The Employment Reform (2014)
With the Employment Reform, municipalities have been granted more freedom and flexibility in their work with the unemployed, personal responsibility to find work is stressed and the educational level is focused.
The purpose of the employment reform is to ensure that resources are utilised in a better and more effective way, such that more unemployed people gain long-term employment as soon as possible. The reform is aimed at ensuring that employment initiatives, to a greater extent than before, are based on individuals' needs and allow for the fact that all unemployed people are different, and therefore have different needs as regards support and guidance in obtaining employment. For this reason, municipalities and unemployment insurance funds have been granted more freedom in organising individually-tailored interventions for the unemployed. Moreover, the unemployed have been given responsibility for their own contribution towards gaining employment. This can contribute to increasing the sense of ownership of the process among the unemployed and thereby increase their opportunities to reenter the labour market.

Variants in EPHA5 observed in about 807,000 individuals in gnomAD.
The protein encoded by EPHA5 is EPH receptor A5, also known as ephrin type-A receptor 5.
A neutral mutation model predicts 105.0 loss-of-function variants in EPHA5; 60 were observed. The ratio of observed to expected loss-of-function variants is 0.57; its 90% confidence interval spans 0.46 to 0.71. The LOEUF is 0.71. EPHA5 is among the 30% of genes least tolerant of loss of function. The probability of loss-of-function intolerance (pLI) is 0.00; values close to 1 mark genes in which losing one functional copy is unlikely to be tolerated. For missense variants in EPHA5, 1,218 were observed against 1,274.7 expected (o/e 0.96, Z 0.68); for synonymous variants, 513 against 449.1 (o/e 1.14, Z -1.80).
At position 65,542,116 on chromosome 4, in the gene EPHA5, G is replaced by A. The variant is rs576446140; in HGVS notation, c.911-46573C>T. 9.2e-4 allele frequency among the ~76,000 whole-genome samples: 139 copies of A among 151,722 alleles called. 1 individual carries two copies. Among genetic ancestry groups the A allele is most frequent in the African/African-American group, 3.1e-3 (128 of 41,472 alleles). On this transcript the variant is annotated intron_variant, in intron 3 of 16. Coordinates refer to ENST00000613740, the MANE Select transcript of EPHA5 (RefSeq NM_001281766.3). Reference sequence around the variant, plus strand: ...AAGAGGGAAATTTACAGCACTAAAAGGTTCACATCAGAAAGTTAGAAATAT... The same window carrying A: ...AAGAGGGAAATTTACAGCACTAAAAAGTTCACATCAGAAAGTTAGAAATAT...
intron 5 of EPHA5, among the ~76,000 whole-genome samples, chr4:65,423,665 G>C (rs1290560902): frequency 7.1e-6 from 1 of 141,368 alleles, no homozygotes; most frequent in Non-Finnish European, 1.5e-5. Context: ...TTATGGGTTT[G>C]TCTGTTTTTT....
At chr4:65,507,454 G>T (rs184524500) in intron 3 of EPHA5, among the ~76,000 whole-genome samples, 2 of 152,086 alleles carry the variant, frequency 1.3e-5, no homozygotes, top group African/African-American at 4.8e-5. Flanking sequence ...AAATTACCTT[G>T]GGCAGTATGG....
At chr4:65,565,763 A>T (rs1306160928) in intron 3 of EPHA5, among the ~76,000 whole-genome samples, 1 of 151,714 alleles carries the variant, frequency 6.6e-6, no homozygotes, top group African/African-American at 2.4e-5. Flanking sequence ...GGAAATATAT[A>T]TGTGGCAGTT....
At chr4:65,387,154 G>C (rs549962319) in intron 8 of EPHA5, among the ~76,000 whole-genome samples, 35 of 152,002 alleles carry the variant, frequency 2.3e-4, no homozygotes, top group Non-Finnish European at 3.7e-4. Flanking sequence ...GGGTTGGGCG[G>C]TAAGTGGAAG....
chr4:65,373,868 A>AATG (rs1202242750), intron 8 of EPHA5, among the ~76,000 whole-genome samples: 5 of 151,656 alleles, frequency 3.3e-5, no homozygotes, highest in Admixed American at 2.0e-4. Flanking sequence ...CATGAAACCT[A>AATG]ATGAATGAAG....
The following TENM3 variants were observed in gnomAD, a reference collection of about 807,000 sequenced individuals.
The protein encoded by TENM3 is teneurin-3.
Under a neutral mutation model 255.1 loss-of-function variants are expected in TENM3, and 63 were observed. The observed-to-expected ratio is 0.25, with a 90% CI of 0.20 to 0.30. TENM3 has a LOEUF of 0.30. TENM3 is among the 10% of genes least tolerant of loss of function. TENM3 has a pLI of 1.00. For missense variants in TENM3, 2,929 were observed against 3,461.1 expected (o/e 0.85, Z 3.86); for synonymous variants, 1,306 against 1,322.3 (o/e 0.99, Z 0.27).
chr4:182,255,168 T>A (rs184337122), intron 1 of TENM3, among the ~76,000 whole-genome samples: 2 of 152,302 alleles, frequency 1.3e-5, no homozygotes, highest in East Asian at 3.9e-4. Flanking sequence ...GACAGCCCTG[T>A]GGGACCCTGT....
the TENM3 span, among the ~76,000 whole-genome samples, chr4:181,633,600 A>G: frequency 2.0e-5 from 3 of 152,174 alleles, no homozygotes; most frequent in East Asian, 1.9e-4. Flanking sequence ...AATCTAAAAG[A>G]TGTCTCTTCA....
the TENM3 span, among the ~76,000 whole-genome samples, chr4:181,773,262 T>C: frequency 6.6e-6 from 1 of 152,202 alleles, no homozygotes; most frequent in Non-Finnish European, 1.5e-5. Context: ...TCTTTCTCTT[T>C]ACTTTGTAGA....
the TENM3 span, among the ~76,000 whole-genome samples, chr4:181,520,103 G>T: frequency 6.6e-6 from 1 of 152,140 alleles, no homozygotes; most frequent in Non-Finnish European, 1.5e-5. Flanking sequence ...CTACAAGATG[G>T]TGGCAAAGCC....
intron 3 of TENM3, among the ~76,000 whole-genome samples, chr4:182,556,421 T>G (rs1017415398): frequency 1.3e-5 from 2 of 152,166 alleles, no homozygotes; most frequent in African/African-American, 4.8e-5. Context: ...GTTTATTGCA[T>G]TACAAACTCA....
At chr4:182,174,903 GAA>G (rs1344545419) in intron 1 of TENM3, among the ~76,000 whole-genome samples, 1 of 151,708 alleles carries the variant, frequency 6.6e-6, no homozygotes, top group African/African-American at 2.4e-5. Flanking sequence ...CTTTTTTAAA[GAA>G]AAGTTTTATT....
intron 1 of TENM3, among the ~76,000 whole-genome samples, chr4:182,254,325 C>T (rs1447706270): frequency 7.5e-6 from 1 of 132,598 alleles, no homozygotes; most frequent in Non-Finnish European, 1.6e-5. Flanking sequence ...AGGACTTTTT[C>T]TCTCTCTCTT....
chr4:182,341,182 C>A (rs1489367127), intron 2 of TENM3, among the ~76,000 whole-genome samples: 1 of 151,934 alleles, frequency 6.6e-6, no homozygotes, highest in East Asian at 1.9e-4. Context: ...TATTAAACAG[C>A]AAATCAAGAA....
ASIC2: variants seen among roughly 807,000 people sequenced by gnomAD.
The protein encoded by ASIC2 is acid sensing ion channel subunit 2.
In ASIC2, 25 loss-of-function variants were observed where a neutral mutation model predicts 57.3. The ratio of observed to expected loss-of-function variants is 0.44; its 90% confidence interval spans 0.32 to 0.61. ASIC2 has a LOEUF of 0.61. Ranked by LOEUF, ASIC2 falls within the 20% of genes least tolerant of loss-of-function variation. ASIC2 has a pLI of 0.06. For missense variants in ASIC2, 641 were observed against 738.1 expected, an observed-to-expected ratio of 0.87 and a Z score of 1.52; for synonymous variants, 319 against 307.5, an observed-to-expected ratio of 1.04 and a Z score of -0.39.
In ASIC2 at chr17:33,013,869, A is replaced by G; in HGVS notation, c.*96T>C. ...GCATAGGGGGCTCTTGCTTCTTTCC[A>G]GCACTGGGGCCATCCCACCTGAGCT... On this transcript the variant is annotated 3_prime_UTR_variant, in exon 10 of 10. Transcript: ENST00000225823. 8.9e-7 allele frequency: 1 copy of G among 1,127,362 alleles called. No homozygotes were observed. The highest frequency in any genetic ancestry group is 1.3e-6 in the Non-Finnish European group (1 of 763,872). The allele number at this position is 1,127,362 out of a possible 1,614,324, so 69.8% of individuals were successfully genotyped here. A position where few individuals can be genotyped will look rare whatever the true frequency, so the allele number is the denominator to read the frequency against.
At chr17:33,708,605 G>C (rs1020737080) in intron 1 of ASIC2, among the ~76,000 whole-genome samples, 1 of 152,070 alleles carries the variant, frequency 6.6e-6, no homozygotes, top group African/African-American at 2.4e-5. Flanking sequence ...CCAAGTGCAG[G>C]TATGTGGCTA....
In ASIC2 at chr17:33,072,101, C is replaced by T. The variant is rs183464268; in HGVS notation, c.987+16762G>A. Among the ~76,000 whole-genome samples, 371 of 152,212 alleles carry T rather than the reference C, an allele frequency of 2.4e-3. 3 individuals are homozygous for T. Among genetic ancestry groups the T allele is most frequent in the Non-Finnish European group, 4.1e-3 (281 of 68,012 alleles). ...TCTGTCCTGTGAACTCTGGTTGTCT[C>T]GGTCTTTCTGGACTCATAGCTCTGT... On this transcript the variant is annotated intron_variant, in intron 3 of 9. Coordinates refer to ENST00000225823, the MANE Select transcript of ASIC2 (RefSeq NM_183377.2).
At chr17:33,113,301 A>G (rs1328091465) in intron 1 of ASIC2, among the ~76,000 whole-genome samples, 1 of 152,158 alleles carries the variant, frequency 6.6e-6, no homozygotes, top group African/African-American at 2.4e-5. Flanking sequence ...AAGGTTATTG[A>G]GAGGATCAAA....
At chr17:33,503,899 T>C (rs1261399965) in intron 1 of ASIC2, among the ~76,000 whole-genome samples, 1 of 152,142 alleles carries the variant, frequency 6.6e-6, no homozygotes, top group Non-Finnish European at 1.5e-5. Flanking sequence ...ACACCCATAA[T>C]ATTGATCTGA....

Focus and guarantees of the reform
A main focus of the reform is to increase the level of education of those unemployed people with the smallest skill sets by means of a series of targeted initiatives. For example, the unskilled unemployed and unemployed persons with obsolete educations will be given better opportunities for gaining new skills. Those unemployed with the least education will be offered more opportunities to attend short courses that address specific labour market needs.
The reform also guarantees support for those unemployed persons with the highest risk of losing touch with the labour market. Another consequence of the reform is that the young and the elderly will receive a right-and-duty offer earlier than hitherto. Meanwhile, new graduates from higher education will have greater opportunities for gaining a foothold in the labour market, for example via vocational traineeships of a longer duration. At the same time, the long-term unemployed will receive a more intensive and individually-tailored effort. Development work will also be carried out aimed at strengthening the quality of initiatives for those unemployed persons who are at risk of long-term unemployment. The reform alters the employment initiatives offered to all unemployed persons, including those unemployed persons with disabilities or impairments.
The first phase of the employment reform came into force on 1 January 2015 and the second phase on 1 July 2015. A number of ICT tools were implemented from 2016 onwards.